By proactively transitioning to digital radios now, your organization will enjoy greater benefits immediately, and your fleet is ready for the high-efficiency, app-driven innovations coming in the future.
FIVE REASONS TO GO DIGITAL
transmission, thereby making the digital technology platform ideal for situations such as
noisy manufacturing and processing plants, or outside in windy conditions.
Range: While an analog radio is capable of producing a clear signal within its peak performance range, once the signal moves too far from the transmit point, the analog audio will slowly fade out until it is unrecognizable. By contrast, a digital signal stays much stronger and clearer to the limits of the coverage range.
Dual-Capacity Direct Mode (DCDM), which means that radios can share the same channel by alternating time slots. These time slots move incredibly fast, and since they alternate, more simultaneous talking paths are possible on each channel with no degradation. Plus, key information such as unit ID, status buttons, and enhanced text messages can be embedded into a single digital radio channel. In many cases, migrating from analog to digital allows users to increase talk paths without a repeater.
radios generally have a significantly longer battery life than analog models. When events run all day, that can mean the difference between efficient communications for the full cycle or the headache of a number of dead batteries that need swapping out and recharging.
platforms using integrated Internet Protocol (IP) networks. For example, some of the leading app providers for Motorola MOTOTRBO digital radios include:
MOVING TO DIGITAL
For those switching from analog to digital, there is good news: Digital platforms provide a migration path that allows for simultaneous use of digital and analog radios. Backward compatibility allows organizations to gradually replace analog devices with newer digital models without the added stress of shifting to a new system. Also, many analog radio accessories are compatible with digital devices.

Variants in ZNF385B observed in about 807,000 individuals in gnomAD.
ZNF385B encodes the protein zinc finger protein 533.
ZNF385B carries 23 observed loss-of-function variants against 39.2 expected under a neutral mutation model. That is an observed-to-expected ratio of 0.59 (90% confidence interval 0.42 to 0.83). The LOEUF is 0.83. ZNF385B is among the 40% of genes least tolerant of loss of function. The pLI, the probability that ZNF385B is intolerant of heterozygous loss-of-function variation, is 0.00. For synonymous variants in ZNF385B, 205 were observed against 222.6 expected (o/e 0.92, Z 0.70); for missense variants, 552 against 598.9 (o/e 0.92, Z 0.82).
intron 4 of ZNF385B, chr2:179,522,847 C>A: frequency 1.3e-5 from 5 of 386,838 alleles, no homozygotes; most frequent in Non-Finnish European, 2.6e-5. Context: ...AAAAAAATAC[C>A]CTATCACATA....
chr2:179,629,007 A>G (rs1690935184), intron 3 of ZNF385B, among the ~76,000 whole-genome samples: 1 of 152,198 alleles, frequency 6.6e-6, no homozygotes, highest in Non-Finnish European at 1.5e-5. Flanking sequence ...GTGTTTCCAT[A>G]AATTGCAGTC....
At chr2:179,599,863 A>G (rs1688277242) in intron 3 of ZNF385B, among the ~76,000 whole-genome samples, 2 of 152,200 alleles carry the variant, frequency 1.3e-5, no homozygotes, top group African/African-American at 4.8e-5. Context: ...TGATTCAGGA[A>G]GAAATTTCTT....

THE MOTOROLA CP200 AND CP200d
The existing CP200 is one of the most popular two-way radios ever produced! So the question is: How can you improve on the Motorola CP200? The answer: By creating a version that leverages all the benefits digital delivers.
Introducingâ¦ the CP200d digital two-way radio, a new model that retains the same simplicity and durability that have made Motorolaâs CP200 the industry standard for years. The new CP200d uses a nearly identical form factor with similar operation. Plus, this highly flexible digital model is backward compatible, so it uses the same chargers, batteries, and speaker-microphones.
Motorola is adding sensible options to your two-way radio fleet by offering the existing CP200 device in the CP200d digital-capable version that can be fully converted from analog to digital operation at a later date. That means you can use a phased migration approach by using your new CP200d as an analog device now, and then with a simple programming change, switch to digital at any time in the future. Or, you have the option to take out-of-the-box delivery of the CP200d as a digital device from the get-go.
THE TALE OF THE TRBO
MOTOTRBO is Motorolaâs next-generation system of digital portable and mobile radios, repeaters, and accessories. Thanks to the advantages of digital technology, this professional line delivers advanced performance to increase capacity and productivity while integrating voice and data communications.
Versatile and powerful, MOTOTRBO combines the best of two-way radio functionality with the latest digital features that deliver ease of use and added performance to meet your communication needs from the field to the factory floor. With exceptional voice quality and long battery life, MOTOTRBO keeps your work teams connected when communication is a must.
So i found this post on the web and i was told that just posting it like a whole article is not an excellent thing, I got permission from the original author and read up how to curate posts, so this is it…….i thought this was fascinating because it highlights some of the highs and lows that I encountered when i was working within the industry.